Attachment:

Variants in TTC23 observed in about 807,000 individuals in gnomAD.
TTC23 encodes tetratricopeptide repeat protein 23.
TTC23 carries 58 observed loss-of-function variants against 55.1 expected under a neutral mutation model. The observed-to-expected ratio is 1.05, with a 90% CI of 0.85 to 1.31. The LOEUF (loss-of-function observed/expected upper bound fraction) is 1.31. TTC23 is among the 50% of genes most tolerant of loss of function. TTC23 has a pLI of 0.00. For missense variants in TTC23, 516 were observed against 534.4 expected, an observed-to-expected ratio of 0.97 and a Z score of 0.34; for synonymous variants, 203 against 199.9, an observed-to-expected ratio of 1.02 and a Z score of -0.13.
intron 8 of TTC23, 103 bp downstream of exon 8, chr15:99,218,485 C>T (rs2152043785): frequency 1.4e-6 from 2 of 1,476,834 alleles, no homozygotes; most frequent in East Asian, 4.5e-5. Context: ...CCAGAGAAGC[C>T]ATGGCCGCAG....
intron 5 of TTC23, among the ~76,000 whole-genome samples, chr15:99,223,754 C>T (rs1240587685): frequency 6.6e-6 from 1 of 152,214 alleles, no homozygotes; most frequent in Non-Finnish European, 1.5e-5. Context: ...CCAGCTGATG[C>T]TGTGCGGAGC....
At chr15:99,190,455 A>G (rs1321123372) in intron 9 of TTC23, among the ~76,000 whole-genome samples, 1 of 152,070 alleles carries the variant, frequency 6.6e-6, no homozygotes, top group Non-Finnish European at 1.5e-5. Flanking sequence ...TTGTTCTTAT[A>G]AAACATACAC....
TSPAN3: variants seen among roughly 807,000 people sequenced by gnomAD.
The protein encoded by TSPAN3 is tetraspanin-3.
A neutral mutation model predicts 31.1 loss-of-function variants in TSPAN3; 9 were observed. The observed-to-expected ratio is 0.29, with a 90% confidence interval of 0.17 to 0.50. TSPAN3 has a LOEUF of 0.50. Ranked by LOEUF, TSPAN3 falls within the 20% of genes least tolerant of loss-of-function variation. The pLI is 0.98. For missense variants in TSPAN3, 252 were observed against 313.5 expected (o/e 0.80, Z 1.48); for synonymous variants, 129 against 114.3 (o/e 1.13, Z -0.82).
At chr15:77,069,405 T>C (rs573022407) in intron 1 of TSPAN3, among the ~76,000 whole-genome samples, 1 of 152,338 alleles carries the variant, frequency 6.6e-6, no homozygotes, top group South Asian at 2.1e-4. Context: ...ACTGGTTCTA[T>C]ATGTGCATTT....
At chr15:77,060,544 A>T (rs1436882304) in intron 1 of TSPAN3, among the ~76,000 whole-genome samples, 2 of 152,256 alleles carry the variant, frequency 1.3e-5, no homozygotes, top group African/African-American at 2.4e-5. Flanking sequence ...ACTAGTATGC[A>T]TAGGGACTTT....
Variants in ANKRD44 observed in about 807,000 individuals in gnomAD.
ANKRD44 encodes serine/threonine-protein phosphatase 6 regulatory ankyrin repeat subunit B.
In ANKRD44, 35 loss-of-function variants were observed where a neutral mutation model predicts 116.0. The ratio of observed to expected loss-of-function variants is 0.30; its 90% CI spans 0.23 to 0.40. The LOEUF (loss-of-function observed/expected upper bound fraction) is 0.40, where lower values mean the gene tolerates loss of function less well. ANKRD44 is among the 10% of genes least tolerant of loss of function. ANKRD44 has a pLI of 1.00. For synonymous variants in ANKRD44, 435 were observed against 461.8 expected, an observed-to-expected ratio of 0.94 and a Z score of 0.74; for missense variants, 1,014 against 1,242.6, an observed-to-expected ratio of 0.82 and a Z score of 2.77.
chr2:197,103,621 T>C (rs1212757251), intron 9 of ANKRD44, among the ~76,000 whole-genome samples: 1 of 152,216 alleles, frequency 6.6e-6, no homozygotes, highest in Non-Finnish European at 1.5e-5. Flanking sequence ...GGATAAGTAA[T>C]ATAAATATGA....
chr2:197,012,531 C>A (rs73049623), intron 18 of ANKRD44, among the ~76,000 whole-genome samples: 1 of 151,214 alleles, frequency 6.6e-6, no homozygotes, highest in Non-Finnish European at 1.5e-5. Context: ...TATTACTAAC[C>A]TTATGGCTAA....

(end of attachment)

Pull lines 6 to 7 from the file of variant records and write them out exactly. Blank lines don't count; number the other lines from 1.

At chr15:99,190,455 A>G (rs1321123372) in intron 9 of TTC23, among the ~76,000 whole-genome samples, 1 of 152,070 alleles carries the variant, frequency 6.6e-6, no homozygotes, top group Non-Finnish European at 1.5e-5. Flanking sequence ...TTGTTCTTAT[A>G]AAACATACAC....
TSPAN3: variants seen among roughly 807,000 people sequenced by gnomAD.